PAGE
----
Monday, January 20, 2014

Better Web Apps Security With Threat Risk Modelling

Prevention is the best form of cure! This rule also applies when assessing a web application in terms of security risks or any potential to be hacked. Rather than adopt an ad-hoc approach, it’s better to plan out a structured assessment to identify and prioritise the important risks and threats. Such an assessment is known as threat risk modelling.
The appropriate time for this type of assessment is when you are in the initial stages of designing the application, even before starting to develop it. This will help save time and effort by identifying risky features that facilitate hacking as well as preventing wasted development effort on particular controls that are of little use to combat real risks.
There are different methods to complete threat risk modelling, each with their own benefits. So adopt a method that you find useful, but also one that follows the following principles.

How important is a security review

Threat risk modelling generally starts with a set of objectives, rather than a single one, to help assess the priority of the review, how much effort is required and to identify the important application(s) that should be covered by the review. To help identify an appropriate set of security objectives, you could consider the following categories:
  1. Financial – assess the level of potential financial risk if an application is hacked. For example, an online payments application has a greater financial risk than a brochure type website with ‘static’ content on a company’s products or services
  2. Identity – is a customer’s or staff’s identity at risk from being stolen. With certain applications, a user may be required to prove their identity in order to access particular services. In such situations, the application must provide sufficient protection so that this information cannot be compromised in any way
  3. Privacy and regulatory commitments – given the type of data used by the web application, varying levels of protection are warranted. For example, public comments on a blog are open for everybody to read, whereas personal data, as defined by the Data Protection Commissioner require greater protection to ensure that this information is secure. In addition, Regulatory requirements can influence what information is to be accepted via a web application. For example, Money Laundering regulations require that various forms of identification are presented, when making particular financial applications, so consideration needs to be given as to how this is handled using an web application – whether by hard copy via a related paper application or via a scanned upload
  4. Reputational risk – what would be the damage to your organisation if this web application was found to be hacked. The greater the reputational risk, the greater the need to focus on securing the application
  5. Application availability requirements – when an application is hacked, it generally needs to be taken off-line for a period of time to correct any damage caused by the hacker. To that end, if there is a service level agreement associated with the application that customers expect to be met or is required in order to provide a crucial public service, then this should lead to a great security prevention effort. This also relates to reputational risk, when a user wishes to access an online application only to find that it is offline due to a security breach, the user may move to a competitor for that service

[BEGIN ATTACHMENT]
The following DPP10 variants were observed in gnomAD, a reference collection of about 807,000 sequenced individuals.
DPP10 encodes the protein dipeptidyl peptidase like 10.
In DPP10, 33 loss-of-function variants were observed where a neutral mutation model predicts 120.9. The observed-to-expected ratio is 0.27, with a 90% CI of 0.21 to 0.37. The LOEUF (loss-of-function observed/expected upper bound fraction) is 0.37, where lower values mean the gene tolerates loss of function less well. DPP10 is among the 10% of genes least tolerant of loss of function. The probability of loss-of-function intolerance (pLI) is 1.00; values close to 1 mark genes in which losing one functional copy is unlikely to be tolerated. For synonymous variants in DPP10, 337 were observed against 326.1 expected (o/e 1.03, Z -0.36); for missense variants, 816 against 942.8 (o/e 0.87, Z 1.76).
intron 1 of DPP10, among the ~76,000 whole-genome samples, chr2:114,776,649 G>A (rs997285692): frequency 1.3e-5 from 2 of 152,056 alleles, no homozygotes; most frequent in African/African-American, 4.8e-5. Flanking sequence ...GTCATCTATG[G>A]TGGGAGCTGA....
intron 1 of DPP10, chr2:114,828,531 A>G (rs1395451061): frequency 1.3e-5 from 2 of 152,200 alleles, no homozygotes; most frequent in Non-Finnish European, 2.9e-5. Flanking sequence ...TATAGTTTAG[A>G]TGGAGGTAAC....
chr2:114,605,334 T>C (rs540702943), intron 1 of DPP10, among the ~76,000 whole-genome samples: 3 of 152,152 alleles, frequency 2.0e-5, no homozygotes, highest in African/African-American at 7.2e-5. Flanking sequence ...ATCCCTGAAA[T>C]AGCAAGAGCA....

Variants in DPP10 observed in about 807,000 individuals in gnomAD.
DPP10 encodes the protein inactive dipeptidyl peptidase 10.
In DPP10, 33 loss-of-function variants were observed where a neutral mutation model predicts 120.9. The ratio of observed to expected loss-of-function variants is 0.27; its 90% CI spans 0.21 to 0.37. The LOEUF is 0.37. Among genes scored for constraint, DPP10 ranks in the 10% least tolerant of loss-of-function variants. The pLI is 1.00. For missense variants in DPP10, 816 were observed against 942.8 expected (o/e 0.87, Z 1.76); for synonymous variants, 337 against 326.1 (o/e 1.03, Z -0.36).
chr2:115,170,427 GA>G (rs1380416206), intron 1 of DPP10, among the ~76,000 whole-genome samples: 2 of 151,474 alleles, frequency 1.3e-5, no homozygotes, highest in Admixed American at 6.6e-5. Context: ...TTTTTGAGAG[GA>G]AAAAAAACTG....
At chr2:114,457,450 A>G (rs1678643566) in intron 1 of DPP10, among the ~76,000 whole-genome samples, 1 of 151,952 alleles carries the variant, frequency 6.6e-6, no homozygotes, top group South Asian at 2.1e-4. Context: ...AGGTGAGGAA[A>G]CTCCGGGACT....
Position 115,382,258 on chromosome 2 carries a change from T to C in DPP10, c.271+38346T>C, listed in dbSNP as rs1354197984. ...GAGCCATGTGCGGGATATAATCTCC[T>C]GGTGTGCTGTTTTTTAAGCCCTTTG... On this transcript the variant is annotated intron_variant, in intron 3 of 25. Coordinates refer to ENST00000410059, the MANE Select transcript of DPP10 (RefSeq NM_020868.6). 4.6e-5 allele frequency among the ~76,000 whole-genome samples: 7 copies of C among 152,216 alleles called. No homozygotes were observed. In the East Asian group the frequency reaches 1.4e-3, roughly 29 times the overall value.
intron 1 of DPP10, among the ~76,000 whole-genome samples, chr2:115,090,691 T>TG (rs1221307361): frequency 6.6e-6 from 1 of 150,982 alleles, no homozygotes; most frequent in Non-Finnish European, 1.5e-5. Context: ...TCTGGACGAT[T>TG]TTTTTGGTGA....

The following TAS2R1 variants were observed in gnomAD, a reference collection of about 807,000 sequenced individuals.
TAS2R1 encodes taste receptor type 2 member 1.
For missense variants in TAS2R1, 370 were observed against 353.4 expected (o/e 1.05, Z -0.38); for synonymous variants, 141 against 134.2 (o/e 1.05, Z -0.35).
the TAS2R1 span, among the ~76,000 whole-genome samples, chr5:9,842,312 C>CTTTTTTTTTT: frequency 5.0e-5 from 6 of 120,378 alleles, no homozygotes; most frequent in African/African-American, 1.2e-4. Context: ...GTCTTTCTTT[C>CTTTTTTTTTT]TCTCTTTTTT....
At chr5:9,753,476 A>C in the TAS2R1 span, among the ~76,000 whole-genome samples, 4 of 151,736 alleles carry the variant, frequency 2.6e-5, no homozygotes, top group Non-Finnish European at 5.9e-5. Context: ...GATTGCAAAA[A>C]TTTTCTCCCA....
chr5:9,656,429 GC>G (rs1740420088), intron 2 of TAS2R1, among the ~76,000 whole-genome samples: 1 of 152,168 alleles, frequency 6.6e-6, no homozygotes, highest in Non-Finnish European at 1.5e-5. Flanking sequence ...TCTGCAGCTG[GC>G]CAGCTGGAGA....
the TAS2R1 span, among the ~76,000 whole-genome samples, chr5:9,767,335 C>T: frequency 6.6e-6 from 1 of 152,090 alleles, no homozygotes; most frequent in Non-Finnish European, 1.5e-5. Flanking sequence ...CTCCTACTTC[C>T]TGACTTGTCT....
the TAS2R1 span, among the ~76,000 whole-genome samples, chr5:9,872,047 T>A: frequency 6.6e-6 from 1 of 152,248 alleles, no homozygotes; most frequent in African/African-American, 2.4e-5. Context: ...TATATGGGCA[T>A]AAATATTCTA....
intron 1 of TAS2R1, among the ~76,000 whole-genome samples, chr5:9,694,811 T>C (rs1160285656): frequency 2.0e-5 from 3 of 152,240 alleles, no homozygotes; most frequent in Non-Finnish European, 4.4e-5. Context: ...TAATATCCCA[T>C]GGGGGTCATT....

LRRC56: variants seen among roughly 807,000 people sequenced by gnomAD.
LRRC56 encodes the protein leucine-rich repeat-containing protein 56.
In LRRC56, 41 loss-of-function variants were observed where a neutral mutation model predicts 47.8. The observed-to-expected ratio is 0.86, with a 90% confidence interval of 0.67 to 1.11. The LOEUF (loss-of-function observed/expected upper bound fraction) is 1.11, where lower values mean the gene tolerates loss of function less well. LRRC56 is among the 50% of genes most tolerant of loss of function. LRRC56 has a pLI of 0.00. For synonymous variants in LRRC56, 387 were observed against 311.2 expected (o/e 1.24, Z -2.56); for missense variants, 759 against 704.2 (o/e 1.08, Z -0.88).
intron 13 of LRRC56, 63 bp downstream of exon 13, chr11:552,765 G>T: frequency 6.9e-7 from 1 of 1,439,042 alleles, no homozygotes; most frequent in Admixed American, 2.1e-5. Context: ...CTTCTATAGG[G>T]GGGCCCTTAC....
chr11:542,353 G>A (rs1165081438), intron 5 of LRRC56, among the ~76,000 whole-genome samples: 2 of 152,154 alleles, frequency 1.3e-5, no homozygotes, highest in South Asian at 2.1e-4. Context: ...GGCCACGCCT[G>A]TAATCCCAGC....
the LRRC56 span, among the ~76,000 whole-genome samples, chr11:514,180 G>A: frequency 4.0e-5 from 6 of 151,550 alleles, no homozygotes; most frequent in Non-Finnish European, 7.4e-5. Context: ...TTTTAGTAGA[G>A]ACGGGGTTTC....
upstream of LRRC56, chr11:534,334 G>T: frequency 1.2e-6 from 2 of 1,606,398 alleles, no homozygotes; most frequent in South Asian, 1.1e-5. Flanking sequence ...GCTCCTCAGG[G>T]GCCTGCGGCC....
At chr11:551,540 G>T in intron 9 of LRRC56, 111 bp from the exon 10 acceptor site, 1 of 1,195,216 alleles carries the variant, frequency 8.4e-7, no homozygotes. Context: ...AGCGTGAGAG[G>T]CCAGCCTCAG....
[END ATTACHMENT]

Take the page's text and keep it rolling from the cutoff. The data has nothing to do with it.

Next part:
Time for some deep analysis

With the objectives agreed and the important application(s) identified, it is then time to investigate each application in detail to list the features/functions that merit a threat analysis. It is best to start progressively reviewing each application from the top-down, starting with it’s architecture. After reviewing the architecture to identify potential areas of risk, move on to identify the functions and data flows associated with these areas of risk.
This analysis of the related functions and data flows involves reviewing;
  • What data is entered and viewed by a user
  • How data is sourced and displayed
  • All related authentication and authorisation functions that are completed within each function and data flow
  • The relevant design decisions and assumptions made by the application architects and developers

To correct the vulnerabilities, identify the threats

Knowing the detail of your application, you can then compile a set of likely threats which could occur based on current known threats. You can document these threats either by graphing them or by making a simple list. An example of a typical threat graph, taken from the OWASP guide is shown below.
Using a threat graph to plan better web applications security
From the graph or list of likely threats, the important weaknesses in the application can be identified. Once the specific weaknesses are known, remedies as shown in the green boxes in the threat graph can be designed and developed into an updated application.
In a follow-on article, I will discuss other elements of threat analysis, including the importance of understanding the context of threats, the type of hacker that you need to combat and different classification schemes that assist in prioritising threats based on their likely impact and context. Please share your comments below.

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